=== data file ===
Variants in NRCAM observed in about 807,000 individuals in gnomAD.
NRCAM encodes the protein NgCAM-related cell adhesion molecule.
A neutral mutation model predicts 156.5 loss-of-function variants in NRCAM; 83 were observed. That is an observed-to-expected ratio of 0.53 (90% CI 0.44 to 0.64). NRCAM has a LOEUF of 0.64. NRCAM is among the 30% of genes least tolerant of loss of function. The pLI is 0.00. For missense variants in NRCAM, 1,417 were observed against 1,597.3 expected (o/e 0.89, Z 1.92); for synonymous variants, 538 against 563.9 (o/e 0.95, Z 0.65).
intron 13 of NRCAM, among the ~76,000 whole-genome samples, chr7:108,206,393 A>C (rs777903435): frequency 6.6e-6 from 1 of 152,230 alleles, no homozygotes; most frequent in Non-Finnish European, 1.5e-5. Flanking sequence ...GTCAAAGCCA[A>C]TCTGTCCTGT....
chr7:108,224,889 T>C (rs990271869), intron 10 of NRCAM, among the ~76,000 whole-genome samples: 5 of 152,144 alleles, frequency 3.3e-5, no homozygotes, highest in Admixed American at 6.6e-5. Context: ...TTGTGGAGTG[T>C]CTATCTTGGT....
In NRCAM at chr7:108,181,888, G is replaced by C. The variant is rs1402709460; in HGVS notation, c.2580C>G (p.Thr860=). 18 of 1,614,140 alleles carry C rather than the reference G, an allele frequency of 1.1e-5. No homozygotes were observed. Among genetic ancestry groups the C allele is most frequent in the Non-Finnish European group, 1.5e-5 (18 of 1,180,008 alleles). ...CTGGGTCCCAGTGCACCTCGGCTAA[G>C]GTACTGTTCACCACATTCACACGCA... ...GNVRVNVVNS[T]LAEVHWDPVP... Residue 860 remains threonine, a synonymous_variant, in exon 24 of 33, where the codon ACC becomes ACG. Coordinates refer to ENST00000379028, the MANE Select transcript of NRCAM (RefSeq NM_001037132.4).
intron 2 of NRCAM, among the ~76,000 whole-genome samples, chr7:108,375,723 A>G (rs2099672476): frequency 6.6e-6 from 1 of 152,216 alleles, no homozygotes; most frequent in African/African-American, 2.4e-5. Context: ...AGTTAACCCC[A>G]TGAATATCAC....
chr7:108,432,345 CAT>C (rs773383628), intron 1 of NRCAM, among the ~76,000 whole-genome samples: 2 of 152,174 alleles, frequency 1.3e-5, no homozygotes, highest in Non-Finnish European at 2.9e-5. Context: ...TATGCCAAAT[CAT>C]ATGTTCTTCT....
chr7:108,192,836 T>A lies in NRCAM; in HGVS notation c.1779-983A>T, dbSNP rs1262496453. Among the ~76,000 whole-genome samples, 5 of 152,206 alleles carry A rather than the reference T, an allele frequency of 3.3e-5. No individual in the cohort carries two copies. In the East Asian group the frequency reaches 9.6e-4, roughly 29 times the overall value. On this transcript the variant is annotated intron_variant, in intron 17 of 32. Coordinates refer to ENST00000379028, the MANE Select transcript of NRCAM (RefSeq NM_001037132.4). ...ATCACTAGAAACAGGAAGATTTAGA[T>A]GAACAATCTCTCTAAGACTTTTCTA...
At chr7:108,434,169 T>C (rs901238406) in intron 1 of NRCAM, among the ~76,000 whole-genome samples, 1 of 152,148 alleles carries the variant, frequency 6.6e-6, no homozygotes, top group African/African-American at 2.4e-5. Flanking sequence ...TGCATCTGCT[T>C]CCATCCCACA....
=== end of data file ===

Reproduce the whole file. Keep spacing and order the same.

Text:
Variants in NRCAM observed in about 807,000 individuals in gnomAD.
NRCAM encodes the protein NgCAM-related cell adhesion molecule.
A neutral mutation model predicts 156.5 loss-of-function variants in NRCAM; 83 were observed. That is an observed-to-expected ratio of 0.53 (90% CI 0.44 to 0.64). NRCAM has a LOEUF of 0.64. NRCAM is among the 30% of genes least tolerant of loss of function. The pLI is 0.00. For missense variants in NRCAM, 1,417 were observed against 1,597.3 expected (o/e 0.89, Z 1.92); for synonymous variants, 538 against 563.9 (o/e 0.95, Z 0.65).
intron 13 of NRCAM, among the ~76,000 whole-genome samples, chr7:108,206,393 A>C (rs777903435): frequency 6.6e-6 from 1 of 152,230 alleles, no homozygotes; most frequent in Non-Finnish European, 1.5e-5. Flanking sequence ...GTCAAAGCCA[A>C]TCTGTCCTGT....
chr7:108,224,889 T>C (rs990271869), intron 10 of NRCAM, among the ~76,000 whole-genome samples: 5 of 152,144 alleles, frequency 3.3e-5, no homozygotes, highest in Admixed American at 6.6e-5. Context: ...TTGTGGAGTG[T>C]CTATCTTGGT....
In NRCAM at chr7:108,181,888, G is replaced by C. The variant is rs1402709460; in HGVS notation, c.2580C>G (p.Thr860=). 18 of 1,614,140 alleles carry C rather than the reference G, an allele frequency of 1.1e-5. No homozygotes were observed. Among genetic ancestry groups the C allele is most frequent in the Non-Finnish European group, 1.5e-5 (18 of 1,180,008 alleles). ...CTGGGTCCCAGTGCACCTCGGCTAA[G>C]GTACTGTTCACCACATTCACACGCA... ...GNVRVNVVNS[T]LAEVHWDPVP... Residue 860 remains threonine, a synonymous_variant, in exon 24 of 33, where the codon ACC becomes ACG. Coordinates refer to ENST00000379028, the MANE Select transcript of NRCAM (RefSeq NM_001037132.4).
intron 2 of NRCAM, among the ~76,000 whole-genome samples, chr7:108,375,723 A>G (rs2099672476): frequency 6.6e-6 from 1 of 152,216 alleles, no homozygotes; most frequent in African/African-American, 2.4e-5. Context: ...AGTTAACCCC[A>G]TGAATATCAC....
chr7:108,432,345 CAT>C (rs773383628), intron 1 of NRCAM, among the ~76,000 whole-genome samples: 2 of 152,174 alleles, frequency 1.3e-5, no homozygotes, highest in Non-Finnish European at 2.9e-5. Context: ...TATGCCAAAT[CAT>C]ATGTTCTTCT....
chr7:108,192,836 T>A lies in NRCAM; in HGVS notation c.1779-983A>T, dbSNP rs1262496453. Among the ~76,000 whole-genome samples, 5 of 152,206 alleles carry A rather than the reference T, an allele frequency of 3.3e-5. No individual in the cohort carries two copies. In the East Asian group the frequency reaches 9.6e-4, roughly 29 times the overall value. On this transcript the variant is annotated intron_variant, in intron 17 of 32. Coordinates refer to ENST00000379028, the MANE Select transcript of NRCAM (RefSeq NM_001037132.4). ...ATCACTAGAAACAGGAAGATTTAGA[T>A]GAACAATCTCTCTAAGACTTTTCTA...
At chr7:108,434,169 T>C (rs901238406) in intron 1 of NRCAM, among the ~76,000 whole-genome samples, 1 of 152,148 alleles carries the variant, frequency 6.6e-6, no homozygotes, top group African/African-American at 2.4e-5. Flanking sequence ...TGCATCTGCT[T>C]CCATCCCACA....